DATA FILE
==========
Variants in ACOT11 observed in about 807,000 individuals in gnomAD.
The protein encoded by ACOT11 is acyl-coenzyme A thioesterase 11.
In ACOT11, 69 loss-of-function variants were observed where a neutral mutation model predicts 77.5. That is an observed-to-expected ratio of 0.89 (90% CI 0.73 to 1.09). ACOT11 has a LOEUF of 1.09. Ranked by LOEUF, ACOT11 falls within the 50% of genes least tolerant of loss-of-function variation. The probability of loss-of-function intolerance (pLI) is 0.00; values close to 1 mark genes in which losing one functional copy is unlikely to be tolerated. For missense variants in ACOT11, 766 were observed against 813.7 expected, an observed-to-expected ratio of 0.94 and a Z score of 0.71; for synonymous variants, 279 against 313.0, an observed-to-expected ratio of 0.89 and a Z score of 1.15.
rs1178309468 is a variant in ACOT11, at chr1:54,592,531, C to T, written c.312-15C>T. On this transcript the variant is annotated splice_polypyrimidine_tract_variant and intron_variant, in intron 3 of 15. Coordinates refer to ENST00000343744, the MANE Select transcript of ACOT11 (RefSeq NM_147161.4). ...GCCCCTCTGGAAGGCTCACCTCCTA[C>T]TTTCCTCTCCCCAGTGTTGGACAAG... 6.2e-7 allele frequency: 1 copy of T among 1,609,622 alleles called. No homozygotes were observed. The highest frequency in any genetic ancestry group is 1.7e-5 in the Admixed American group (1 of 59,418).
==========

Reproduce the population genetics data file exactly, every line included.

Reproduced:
Variants in ACOT11 observed in about 807,000 individuals in gnomAD.
The protein encoded by ACOT11 is acyl-coenzyme A thioesterase 11.
In ACOT11, 69 loss-of-function variants were observed where a neutral mutation model predicts 77.5. That is an observed-to-expected ratio of 0.89 (90% CI 0.73 to 1.09). ACOT11 has a LOEUF of 1.09. Ranked by LOEUF, ACOT11 falls within the 50% of genes least tolerant of loss-of-function variation. The probability of loss-of-function intolerance (pLI) is 0.00; values close to 1 mark genes in which losing one functional copy is unlikely to be tolerated. For missense variants in ACOT11, 766 were observed against 813.7 expected, an observed-to-expected ratio of 0.94 and a Z score of 0.71; for synonymous variants, 279 against 313.0, an observed-to-expected ratio of 0.89 and a Z score of 1.15.
rs1178309468 is a variant in ACOT11, at chr1:54,592,531, C to T, written c.312-15C>T. On this transcript the variant is annotated splice_polypyrimidine_tract_variant and intron_variant, in intron 3 of 15. Coordinates refer to ENST00000343744, the MANE Select transcript of ACOT11 (RefSeq NM_147161.4). ...GCCCCTCTGGAAGGCTCACCTCCTA[C>T]TTTCCTCTCCCCAGTGTTGGACAAG... 6.2e-7 allele frequency: 1 copy of T among 1,609,622 alleles called. No homozygotes were observed. The highest frequency in any genetic ancestry group is 1.7e-5 in the Admixed American group (1 of 59,418).